Now I know getting through each day should feel like a win but seriously I feel like an immortal foot soldier drafted into some eternal war started by some psychotic despot. I know I’m going to wake up every day and fight off horrible things but I also know I’m never not going to wake up and fight off horrible things.

That’s a heavy feeling. It kind of sucks the cheerfulness out of the room when you mention it, even to a therapist.

He told me it’s a heavy thing to carry. I have to agree it is. Identifying it made it a little lighter, in the way tightening the hip straps on your camping backpack makes it easier to carry. The weight isn’t gone but it’s been distributed a little more evenly.

Even so I’m struggling to lift it. It’s been 2137 days since my headache began. It’s been nearly six years since I have lived a day without hurting. I’m tired.

So, I’m learning about my disease, because despite having Fibro I have always been focused on my headaches and it’s seemed like an ancillary issue. Well, until I had my first real flare, which I am currently in, and realized it’s a no-joke asshole of a disease with serious real world consequences that you cannot avoid that should be taken dead seriously.

I’m reading about it and learning all I can so I can try to manage this mess a little better.

And I am working on making my space nicer. I am working on art. I am sucking at communication because I can’t seem to make the words in my mind travel to my mouth in an effective way. I try to say “He needs the stairs” but what comes out is “He needs the stirrer.”

I misspeak a lot.

But I am working on it. I am gearing up for the fight. I am trying the Lyrica and seeing the therapist. I am exercising.

I am still in the ring.

Life without Margin…

It was supposed to be a day of rest. Having come off of two days of high energy and low pain levels I knew another flare was coming. I planned to do a load of laundry, sit in the car while my newly permitted teen drove, and make a good dinner. The rest of the day was to be spent expending as little energy as possible and dealing with the aches and pains of activity.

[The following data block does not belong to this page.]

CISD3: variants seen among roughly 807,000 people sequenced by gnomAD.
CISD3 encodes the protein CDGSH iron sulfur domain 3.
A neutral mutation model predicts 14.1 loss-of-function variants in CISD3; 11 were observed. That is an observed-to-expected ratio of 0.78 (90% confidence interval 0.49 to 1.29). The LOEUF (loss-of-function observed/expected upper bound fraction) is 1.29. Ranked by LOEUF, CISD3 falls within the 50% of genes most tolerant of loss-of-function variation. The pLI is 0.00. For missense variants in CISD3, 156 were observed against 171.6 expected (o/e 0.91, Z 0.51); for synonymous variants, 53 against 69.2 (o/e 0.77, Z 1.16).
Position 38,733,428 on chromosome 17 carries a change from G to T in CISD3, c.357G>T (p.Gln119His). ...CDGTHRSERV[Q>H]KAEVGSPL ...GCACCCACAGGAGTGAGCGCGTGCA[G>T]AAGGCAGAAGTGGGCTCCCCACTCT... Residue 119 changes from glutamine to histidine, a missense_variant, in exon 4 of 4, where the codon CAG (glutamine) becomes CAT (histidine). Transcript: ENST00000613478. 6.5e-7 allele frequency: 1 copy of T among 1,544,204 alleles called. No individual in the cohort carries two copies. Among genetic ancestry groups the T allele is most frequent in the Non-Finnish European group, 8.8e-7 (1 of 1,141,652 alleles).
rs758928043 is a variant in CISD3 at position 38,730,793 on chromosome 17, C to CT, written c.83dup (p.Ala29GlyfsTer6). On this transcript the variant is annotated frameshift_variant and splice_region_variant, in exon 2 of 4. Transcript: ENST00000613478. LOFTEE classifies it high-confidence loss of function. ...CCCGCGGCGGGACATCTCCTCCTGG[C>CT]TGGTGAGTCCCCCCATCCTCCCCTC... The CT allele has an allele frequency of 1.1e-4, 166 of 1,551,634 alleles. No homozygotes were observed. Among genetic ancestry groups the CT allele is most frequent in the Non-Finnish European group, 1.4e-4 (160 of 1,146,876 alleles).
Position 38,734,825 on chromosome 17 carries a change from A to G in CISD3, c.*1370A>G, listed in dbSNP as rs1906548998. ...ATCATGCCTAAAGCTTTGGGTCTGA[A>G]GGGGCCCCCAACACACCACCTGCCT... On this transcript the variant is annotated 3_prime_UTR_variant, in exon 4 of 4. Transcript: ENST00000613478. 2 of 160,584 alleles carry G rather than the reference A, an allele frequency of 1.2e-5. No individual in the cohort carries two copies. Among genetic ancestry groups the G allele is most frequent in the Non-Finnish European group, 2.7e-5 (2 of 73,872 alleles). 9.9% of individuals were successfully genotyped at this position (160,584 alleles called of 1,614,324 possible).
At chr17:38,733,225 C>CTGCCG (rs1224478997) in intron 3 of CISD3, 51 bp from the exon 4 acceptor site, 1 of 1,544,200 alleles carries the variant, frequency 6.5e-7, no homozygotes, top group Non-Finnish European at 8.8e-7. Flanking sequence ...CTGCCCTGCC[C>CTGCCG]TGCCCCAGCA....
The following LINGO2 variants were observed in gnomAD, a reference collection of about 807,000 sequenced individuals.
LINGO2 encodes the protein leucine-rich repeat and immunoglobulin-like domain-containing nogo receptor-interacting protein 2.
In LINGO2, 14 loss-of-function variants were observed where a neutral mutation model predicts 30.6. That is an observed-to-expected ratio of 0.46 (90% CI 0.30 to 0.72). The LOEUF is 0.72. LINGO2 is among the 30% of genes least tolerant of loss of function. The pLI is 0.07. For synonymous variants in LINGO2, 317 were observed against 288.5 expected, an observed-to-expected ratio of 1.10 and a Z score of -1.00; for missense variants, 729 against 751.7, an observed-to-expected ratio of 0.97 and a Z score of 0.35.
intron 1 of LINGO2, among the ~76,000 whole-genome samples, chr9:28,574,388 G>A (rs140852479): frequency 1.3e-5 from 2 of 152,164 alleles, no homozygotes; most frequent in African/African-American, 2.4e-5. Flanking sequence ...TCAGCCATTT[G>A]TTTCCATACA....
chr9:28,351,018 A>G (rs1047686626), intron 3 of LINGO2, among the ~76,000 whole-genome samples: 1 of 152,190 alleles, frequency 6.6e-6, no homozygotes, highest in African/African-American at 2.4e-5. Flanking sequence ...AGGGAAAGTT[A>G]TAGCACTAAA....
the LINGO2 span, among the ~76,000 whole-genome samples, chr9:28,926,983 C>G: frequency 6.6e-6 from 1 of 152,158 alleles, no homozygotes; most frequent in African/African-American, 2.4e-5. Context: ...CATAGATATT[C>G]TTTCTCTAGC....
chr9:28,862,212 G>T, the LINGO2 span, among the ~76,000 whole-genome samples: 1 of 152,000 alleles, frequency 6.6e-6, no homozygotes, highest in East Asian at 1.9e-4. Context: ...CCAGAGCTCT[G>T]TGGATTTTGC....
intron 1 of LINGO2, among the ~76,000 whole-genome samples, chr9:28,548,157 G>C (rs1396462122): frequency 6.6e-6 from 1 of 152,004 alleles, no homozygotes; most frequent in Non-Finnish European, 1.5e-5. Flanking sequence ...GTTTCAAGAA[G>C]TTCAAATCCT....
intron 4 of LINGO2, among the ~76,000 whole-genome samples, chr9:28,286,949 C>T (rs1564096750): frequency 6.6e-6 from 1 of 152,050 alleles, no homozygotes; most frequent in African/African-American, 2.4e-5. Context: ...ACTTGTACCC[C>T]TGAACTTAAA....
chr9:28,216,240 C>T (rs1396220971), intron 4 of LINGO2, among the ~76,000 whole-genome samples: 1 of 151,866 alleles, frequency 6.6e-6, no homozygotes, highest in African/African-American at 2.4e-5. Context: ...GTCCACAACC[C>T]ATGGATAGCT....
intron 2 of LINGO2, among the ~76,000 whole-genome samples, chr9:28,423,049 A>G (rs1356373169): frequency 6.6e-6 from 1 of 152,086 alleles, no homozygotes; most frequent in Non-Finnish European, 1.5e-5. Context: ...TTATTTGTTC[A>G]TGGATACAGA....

I had my coffee, I took out the dog. The pain level wasn’t too terribly bad, about a 6. All over body aches, joint pain, headache. Your basic flu feeling.

I came upstairs to luxuriate in my bed, watch a show – my hands hurt too much to hold a book up for reading – and snuggle my dog. I came up stairs slowly, muscles aching with each step. I came to the door and low and behold there was my cat, peeing on my bed.

Suddenly my day of rest became stripping the bed linens off to see if her commentary had soaked through to the mattress protector underneath. It had. Then it was gathering up the whole kit and kaboodle, getting it into baskets, getting out a fresh protector, fresh linens, new blankets. Of course everything was on different floors of the three story house because laundry is in the basement and I live on the highest floor.

Up down, up down… can’t keep going. Get the sheets on… get the blanket on… kiddo, please help me with the pillows.
I’ll pay you to do the rest.

And I’m done.

Living with chronic pain is like living paycheck to paycheck. You may do just fine so long as everything happens as expected, so long as you can forgo some things and appropriately prioritize others.

However, as soon as the unexpected strikes you are borrowing on credit and you will have to pay for the expenses another day, or several other days. As for interest, you can push yourself into another flare up and lose days, weeks, sometimes more to lowered energy levels, high pain, medication side effects, etc.

It’s life without a margin, without a safety net and believe me, it sucks.